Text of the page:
In today’s world, using single-factor authentication (SFA) such as a lone password or a PIN number to access private data may no longer cut it. With the rise of cyber security threats — including an increasing number of ransomware attacks — it may be time to explore steps you can take to level up your organization’s cybersecurity.
Using a multi-step sign-in solution known as multi-factor authentication (MFA) has proven to be 99% more effective than a password for ensuring digital safety. Here we’ll discuss what it is, how MFA works, and the many benefits of using multi-factor authentication.
What Is Multi-Factor Authentication?
- Something you know.
- Something you have.
- Something you are.
In this case, you wouldn’t be able to use a PIN and a password as these are both from the “something you know” category. However, your password and a software token in your possession would count as two different types of factors for true MFA.
What Is the Difference Between Two-Factor Authentication (2FA) and MFA?
Before the introduction of MFA, two-factor authentication (2FA) was the better alternative to using a single-factor method. Later on, cybersecurity professionals discovered the benefits of multi-factor authentication.
Both types of authentication protocols require the user to give at least two types of credentials. The only difference is that multi-factor authentication may use more than two, depending on the level of security required. MFA is a layered approach, so the combined factors offer a higher level of security than even a strong single authentication factor. For example, a FaceID is more secure than a password, but the most secure option would be to utilize both.
How Does Multi-Factor Authentication Work?
As part of your organization's cybersecurity procedures, MFA helps to avoid unauthorized access to your data and internal networks. It does this by incorporating at least two factors to verify the identity of the user before granting access to a restricted area, account, or information.
The Factors of MFA
Although the IRS uses some of these factors types, the complete list is:
- Knowledge - Something you know, like a password.
- Possession - Something you have, like a key fob.
- Inheritance- Something you are, like voice recognition.
- Behavioral- Something you do, like your typing pattern.
- Location - Somewhere you are, like your physical log-in location.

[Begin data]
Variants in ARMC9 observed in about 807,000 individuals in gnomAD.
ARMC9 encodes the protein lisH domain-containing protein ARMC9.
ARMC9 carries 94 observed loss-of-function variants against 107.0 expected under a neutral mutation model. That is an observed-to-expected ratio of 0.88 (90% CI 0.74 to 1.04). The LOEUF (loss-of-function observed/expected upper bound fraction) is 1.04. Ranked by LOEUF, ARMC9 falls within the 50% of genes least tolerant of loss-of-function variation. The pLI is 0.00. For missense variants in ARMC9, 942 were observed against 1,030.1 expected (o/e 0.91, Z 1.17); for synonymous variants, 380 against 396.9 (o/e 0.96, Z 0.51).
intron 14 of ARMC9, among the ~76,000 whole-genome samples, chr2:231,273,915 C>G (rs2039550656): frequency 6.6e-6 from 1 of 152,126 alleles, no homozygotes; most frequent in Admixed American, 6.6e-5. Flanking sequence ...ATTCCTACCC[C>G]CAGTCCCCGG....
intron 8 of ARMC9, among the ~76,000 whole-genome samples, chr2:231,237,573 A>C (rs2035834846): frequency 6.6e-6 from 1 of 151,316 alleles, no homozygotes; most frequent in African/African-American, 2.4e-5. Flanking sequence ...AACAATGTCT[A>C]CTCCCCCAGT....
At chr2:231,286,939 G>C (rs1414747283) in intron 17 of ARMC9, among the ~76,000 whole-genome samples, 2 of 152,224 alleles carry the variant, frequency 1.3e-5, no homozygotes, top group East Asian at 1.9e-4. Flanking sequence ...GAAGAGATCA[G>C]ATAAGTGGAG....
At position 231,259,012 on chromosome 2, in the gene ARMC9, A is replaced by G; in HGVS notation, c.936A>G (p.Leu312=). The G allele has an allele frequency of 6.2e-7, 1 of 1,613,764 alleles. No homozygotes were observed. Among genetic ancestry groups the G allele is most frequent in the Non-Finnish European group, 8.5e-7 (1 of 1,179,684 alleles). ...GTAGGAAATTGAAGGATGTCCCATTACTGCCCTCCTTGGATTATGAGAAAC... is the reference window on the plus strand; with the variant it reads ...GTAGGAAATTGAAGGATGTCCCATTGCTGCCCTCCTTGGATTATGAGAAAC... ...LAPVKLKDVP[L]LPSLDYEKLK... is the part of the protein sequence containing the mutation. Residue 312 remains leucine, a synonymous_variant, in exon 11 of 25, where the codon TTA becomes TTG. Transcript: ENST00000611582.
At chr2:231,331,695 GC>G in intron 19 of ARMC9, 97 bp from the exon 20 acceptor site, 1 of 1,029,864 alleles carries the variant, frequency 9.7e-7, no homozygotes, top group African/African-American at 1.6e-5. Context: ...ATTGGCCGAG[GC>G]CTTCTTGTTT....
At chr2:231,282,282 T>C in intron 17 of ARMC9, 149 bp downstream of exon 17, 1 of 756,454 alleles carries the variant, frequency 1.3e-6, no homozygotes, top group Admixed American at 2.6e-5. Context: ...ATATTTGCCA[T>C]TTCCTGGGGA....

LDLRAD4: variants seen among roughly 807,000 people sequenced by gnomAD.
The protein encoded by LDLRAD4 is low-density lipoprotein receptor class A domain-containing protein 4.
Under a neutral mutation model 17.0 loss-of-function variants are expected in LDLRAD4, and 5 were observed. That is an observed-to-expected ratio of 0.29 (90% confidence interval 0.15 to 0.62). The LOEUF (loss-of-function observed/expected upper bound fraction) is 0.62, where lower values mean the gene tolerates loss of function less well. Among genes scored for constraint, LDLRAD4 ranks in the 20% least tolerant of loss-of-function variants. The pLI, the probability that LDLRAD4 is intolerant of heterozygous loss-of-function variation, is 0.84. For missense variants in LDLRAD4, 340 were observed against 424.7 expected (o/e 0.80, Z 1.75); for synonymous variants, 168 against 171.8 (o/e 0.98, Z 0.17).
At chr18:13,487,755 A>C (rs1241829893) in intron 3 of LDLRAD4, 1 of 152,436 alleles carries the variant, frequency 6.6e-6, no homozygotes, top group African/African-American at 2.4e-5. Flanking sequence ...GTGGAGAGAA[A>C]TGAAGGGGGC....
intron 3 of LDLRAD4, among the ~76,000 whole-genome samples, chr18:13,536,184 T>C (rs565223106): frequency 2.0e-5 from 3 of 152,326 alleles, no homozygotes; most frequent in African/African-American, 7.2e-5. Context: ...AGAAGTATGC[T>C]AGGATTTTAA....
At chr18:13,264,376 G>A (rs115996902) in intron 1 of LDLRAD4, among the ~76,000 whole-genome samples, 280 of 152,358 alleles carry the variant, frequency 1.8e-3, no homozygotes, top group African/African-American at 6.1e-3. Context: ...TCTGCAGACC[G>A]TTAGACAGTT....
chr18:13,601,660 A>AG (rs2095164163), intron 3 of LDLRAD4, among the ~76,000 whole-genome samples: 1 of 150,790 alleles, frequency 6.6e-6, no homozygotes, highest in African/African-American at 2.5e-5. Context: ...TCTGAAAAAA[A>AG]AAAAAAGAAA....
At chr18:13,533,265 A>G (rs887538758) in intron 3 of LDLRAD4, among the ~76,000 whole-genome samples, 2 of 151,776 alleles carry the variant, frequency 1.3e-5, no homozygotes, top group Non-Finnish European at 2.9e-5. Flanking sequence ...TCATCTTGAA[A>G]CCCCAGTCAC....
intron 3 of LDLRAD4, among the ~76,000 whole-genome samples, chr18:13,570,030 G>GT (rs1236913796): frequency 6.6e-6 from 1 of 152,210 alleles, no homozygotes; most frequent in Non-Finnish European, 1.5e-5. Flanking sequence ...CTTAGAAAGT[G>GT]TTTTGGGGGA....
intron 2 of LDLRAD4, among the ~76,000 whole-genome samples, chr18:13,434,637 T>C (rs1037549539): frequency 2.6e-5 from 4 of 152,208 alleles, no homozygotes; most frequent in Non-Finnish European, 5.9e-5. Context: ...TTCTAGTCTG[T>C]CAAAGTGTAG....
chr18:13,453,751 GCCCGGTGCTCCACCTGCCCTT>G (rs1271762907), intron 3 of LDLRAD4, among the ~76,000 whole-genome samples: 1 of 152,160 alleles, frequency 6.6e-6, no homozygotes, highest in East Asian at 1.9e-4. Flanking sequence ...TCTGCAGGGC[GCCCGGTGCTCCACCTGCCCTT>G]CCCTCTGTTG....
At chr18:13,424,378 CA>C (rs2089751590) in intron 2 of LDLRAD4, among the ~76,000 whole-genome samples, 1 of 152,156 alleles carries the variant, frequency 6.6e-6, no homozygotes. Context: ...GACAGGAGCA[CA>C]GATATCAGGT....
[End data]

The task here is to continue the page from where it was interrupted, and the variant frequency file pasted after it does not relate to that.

While knowledge factors like a log-in password are relatively common, behavioral and location factors are typically reserved for extremely sensitive data environments. However, since the number of people who work remotely tripled between 2019 and 2021, a location factor may become a crucial step for many organizations.
What Are the Benefits of Multi-Factor Authentication?
1. Added Security
MFA adds layers of security at multiple levels, reducing the risk of a data breach. MFA procedures can be used for your company’s internal applications, network access, and — frankly — any access point to company data. Even if a threat actor were to discover the correct entry for one factor, the other incorporated factors could stop the threat actor in their tracks. This is how companies can prevent employee identity theft even if employees were victims of social engineering attacks.
2. High Value With Low Effort
Although added security is one of the most important benefits of multi-factor authentication, it doesn’t come with the complications you might expect. In fact, set-up and maintenance for MFA procedures are typically easy.
Additionally, industry-compliant MFA may come with a Single-Sign-On (SSO) solution to avoid the hassle of having multiple different passwords for multiple applications while still requiring at least two factors for authentication.
Many industries have strict security standards, such as the Payment Card Industry Data Security Standard (PCI-DSS). MFA implementation can help you meet the standards required by your industry.
The Fido Alliance is dedicated to reducing the world’s dependence on passwords. They accomplish their mission through FIDO Authentication — technical specifications for using MFA. They also offer certification and assistance with adopting 2FA and MFA solutions in place of SFA.
Both large and small organizations can add MFA options at a reasonable cost. Although the software types and brands may vary slightly in price and functionality, some basic MFA features may be included in software and applications you already own.
Shore Up Your Cyber Security Measures
The many benefits of multi-factor authentication can be fully realized when paired with a strong security plan to protect your organization from threat actors. The Mitnick Security Checklist outlines how to protect your organization including:
- Information on the latest security threats.
- Security awareness training tips.
- Strategies for hacking your digital and physical security to find vulnerabilities.
To help keep your employees and organization safe from outside threats, download your copy of, “Learn to Avoid Cyber Threats in 5 ½ Easy Steps.”